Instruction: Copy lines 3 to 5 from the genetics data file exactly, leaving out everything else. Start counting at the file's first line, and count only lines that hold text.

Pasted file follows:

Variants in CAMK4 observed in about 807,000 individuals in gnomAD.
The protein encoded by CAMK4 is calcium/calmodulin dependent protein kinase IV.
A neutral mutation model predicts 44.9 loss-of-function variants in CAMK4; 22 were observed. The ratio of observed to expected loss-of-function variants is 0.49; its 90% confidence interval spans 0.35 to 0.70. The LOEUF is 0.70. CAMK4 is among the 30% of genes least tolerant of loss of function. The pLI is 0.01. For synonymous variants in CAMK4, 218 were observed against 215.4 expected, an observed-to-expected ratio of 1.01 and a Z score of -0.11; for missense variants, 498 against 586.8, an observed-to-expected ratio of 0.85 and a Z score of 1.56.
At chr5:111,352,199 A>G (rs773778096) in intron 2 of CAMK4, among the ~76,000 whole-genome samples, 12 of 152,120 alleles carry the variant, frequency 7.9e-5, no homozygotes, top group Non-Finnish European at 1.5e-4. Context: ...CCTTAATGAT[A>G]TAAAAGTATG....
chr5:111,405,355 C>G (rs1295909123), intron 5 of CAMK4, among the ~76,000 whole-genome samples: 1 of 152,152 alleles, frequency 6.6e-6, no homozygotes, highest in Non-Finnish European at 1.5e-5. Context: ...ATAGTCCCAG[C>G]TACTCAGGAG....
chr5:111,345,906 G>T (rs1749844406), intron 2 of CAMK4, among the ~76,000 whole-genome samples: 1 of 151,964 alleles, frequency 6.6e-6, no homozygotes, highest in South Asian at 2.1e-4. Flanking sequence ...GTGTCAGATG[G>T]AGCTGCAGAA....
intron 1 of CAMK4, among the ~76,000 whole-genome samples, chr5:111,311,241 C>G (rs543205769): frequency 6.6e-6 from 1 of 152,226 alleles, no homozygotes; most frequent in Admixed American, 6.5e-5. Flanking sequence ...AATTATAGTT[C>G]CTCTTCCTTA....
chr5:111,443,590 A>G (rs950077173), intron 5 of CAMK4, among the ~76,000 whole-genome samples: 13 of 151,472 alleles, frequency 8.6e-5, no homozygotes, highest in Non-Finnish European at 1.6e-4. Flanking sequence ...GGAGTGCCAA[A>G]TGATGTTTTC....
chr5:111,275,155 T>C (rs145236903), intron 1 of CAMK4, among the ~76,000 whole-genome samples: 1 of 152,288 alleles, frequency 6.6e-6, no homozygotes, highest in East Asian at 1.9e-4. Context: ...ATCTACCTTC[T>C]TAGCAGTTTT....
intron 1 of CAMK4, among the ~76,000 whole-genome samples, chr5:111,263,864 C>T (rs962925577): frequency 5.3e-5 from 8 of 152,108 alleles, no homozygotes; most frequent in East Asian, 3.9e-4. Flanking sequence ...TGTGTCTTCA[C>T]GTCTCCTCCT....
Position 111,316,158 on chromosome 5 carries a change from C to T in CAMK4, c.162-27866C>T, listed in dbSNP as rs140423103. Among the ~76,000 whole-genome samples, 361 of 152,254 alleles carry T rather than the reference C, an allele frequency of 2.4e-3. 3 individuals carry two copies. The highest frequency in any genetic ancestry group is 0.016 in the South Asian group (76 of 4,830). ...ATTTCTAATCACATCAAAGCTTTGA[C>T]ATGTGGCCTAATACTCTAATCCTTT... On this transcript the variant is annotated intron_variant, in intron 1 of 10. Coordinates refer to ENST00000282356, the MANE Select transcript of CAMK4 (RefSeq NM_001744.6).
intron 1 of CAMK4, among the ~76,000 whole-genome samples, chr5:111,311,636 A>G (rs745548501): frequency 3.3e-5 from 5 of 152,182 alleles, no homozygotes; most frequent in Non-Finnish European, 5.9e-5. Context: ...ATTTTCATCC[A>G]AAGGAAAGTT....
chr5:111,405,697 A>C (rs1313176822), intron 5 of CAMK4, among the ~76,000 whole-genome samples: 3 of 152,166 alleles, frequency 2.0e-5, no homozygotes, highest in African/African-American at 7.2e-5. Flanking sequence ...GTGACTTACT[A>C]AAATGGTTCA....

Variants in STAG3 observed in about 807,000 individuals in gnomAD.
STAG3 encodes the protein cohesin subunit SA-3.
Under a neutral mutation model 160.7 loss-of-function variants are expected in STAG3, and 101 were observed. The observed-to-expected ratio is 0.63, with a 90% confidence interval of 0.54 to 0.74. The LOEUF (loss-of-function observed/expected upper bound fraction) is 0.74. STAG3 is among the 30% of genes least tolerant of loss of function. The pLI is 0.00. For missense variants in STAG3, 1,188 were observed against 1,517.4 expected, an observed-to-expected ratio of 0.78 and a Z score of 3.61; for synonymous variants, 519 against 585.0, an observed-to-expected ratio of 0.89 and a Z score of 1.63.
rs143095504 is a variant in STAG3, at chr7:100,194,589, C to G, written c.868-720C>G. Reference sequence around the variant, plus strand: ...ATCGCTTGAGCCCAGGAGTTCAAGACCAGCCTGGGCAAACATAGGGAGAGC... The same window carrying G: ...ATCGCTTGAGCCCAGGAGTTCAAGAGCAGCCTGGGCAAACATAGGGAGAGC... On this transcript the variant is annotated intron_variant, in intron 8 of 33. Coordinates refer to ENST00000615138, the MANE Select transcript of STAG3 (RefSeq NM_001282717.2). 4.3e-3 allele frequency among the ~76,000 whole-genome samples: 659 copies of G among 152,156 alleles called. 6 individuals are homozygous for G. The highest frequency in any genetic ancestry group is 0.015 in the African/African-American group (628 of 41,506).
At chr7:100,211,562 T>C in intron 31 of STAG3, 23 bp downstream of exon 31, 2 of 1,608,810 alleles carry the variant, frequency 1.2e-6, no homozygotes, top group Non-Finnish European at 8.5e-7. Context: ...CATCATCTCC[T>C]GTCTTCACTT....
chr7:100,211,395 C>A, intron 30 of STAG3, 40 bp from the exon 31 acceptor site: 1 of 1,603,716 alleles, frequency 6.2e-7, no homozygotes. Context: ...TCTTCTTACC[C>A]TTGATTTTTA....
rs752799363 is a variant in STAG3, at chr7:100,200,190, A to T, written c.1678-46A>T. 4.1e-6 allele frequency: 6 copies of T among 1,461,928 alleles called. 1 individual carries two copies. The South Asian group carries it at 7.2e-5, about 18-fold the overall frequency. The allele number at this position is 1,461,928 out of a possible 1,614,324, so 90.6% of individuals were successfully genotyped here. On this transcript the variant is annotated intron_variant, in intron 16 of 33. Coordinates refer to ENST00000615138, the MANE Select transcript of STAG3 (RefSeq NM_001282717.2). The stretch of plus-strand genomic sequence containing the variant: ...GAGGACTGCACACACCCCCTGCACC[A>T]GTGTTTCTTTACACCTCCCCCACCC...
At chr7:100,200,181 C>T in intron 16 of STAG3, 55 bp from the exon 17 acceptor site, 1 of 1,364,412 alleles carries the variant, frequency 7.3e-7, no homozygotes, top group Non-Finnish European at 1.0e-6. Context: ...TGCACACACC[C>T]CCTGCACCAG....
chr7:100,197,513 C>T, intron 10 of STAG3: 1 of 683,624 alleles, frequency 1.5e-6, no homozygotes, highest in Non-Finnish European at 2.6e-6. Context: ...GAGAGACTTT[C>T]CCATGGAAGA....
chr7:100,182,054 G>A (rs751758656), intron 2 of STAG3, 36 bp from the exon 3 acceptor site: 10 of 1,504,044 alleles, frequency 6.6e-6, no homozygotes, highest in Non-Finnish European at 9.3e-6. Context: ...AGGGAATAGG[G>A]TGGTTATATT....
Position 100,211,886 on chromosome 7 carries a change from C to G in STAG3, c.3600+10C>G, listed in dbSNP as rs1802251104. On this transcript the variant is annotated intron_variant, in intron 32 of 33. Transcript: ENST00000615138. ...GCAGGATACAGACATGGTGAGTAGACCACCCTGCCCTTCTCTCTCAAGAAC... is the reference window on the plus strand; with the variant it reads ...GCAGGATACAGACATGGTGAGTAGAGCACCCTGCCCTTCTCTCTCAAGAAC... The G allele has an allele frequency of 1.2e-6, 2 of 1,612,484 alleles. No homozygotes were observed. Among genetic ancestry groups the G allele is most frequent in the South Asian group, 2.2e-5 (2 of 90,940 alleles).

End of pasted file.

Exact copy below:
A neutral mutation model predicts 44.9 loss-of-function variants in CAMK4; 22 were observed. The ratio of observed to expected loss-of-function variants is 0.49; its 90% confidence interval spans 0.35 to 0.70. The LOEUF is 0.70. CAMK4 is among the 30% of genes least tolerant of loss of function. The pLI is 0.01. For synonymous variants in CAMK4, 218 were observed against 215.4 expected, an observed-to-expected ratio of 1.01 and a Z score of -0.11; for missense variants, 498 against 586.8, an observed-to-expected ratio of 0.85 and a Z score of 1.56.
At chr5:111,352,199 A>G (rs773778096) in intron 2 of CAMK4, among the ~76,000 whole-genome samples, 12 of 152,120 alleles carry the variant, frequency 7.9e-5, no homozygotes, top group Non-Finnish European at 1.5e-4. Context: ...CCTTAATGAT[A>G]TAAAAGTATG....
chr5:111,405,355 C>G (rs1295909123), intron 5 of CAMK4, among the ~76,000 whole-genome samples: 1 of 152,152 alleles, frequency 6.6e-6, no homozygotes, highest in Non-Finnish European at 1.5e-5. Context: ...ATAGTCCCAG[C>G]TACTCAGGAG....